If the American dream was still alive in this country, our garden stores would sell peyote cactuses.

Why not? It is a native plant, after all. Peyote doesn’t produce any addictive chemical compounds, the compounds it does produce have therapeutic and medicinal potential, and it looks cool – it flowers, like any other cactus, and it’s fun to grow.

It shouldn’t make any difference to the feds at all. Especially considering that there are several other legal cactus species, growing in households and garden stores all over America, that are just as powerfully psychedelic as peyote…

Yes. They’re out there. They’re legal. And they’re full of mescaline. Which, is what really matters, when it comes to peyote, anyway.

Mescaline (the psycho-active ingredient in peyote) was one of the favorite psychedelics of the 60’s and 70’s. Jim Morrison, Hunter Thompson, Aldous Huxley, and many other pop-culture figures raved about the spiritually weird powers of “Big Chief”. But its history of use in the Americas goes way back before that – back some 5500-6000 years among native tribes and civilizations.

Mescaline has been the preferred method for tripping nuts in these parts for the better part of modern history.

And here’s the thing: peyote is not the only cactus that produces mescaline. There are in fact, three other species, all native to the Americas, which produce high levels of that magic little molecule, and that you can get your hands on both easily and for cheap:

The San Pedro cactus (Echonopsis pachanoi), the Peruvian torch (Echinopsis peruviana), and the Bolivian torch (Echinopsis lageniformis).

All totally legal to own and grow. All very common.

Because these three cacti never gained the hippie-dippy fame that peyote did, they fell through the cracks of prohibition. Retaining their legal status and remaining on the shelves of garden stores and in living rooms and yards across America straight into the modern day; despite being chock full of a schedule I psychedelic.

And they have certain qualities that make them even more useful than peyote, for the curious psychonaut. Because, peyote, as a plant, is a very slow growing substance, each button taking up to three years to reach maturity. It is not an easy (or legal) cactus to grow, nor is it easy to find in the wilderness: it is small, and it requires several peyote buttons to get enough mescaline to achieve a single dose.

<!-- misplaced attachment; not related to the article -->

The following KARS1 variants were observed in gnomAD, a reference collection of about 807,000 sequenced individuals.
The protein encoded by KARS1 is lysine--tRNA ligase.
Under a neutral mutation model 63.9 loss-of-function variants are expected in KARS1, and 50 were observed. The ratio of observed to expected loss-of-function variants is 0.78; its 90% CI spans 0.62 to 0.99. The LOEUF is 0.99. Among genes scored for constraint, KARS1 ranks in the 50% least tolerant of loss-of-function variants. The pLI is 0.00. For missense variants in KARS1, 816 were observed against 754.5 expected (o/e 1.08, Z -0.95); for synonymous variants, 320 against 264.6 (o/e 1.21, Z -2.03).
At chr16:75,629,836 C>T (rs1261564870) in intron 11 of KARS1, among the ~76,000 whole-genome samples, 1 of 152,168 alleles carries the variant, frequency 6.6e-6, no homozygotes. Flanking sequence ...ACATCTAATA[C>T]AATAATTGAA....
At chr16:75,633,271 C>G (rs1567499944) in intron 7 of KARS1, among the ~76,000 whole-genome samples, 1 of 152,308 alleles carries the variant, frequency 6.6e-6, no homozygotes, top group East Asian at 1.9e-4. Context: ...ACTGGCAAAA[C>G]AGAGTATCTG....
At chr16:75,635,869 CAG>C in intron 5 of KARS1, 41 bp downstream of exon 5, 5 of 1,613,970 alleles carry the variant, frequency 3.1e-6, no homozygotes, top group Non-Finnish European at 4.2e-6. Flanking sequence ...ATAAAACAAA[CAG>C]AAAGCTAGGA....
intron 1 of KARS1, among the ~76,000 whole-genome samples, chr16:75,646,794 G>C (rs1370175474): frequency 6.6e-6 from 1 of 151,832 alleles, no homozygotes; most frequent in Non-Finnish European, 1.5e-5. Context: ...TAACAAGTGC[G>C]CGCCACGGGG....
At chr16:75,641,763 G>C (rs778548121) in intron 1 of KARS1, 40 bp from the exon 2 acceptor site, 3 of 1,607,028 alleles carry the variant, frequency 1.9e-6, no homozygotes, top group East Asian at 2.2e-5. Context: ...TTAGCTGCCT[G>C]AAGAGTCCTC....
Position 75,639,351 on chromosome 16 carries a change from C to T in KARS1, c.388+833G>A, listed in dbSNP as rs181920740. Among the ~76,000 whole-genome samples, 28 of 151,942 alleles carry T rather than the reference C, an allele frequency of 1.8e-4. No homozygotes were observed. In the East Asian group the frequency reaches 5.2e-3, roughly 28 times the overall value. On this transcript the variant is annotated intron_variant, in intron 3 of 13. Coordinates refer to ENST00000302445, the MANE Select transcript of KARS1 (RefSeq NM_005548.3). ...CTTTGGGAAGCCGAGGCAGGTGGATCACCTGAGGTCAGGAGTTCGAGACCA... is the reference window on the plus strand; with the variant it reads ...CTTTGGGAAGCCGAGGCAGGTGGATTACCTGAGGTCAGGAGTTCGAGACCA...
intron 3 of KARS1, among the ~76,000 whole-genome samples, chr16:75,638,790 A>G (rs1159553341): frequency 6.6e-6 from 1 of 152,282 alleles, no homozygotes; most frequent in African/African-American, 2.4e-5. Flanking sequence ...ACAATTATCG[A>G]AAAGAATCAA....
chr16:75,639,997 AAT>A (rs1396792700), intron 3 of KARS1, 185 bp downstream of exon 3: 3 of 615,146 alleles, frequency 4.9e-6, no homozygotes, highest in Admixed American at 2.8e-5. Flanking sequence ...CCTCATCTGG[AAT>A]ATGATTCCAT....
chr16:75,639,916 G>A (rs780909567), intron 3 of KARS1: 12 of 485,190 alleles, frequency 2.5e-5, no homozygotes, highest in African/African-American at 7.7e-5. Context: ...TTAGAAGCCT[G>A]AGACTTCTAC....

San Pedro, Bolivian and Peruvian torch in contrast, are very fast growing, grow naturally all over North, Central and South America, they can get as big as trees – full of mescaline – and you can grow them right in your front yard if you want to, without any fear of legal repercussions. They are also very easy to make more of – or, to propagate.

Cactuses are incredibly hardy plants, and can be cloned simply by cutting them and planting that cutting straight into the soil. That cutting will grow roots, and eventually start growing into a new cactus. It’s an evolutionary mechanism for reproduction and survival, and one that makes propagation extremely easy.

A cutting of any one of these cactuses costs around $20 a piece, and they come in sections of about twelve inches in length (which, coincidentally, is the necessary amount for a single dose of mescaline). There are several reliable companies out there where you can buy these “landscape only” cacti, like the San Pedro Cactus Sales company, or TheSucculentSource.com.

Or, just check your local nurseries and greenhouses – it is not beyond the realm of possibility to find a San Pedro, Bolivian or Peruvian torch somewhere in their inventory.

So, maybe the American dream is still alive out there, after all. At least those parts of it that The State has somehow overlooked.

That's some kind of reason for American psychonauts to remain optimistic.

(Originally published on October 31, 2018)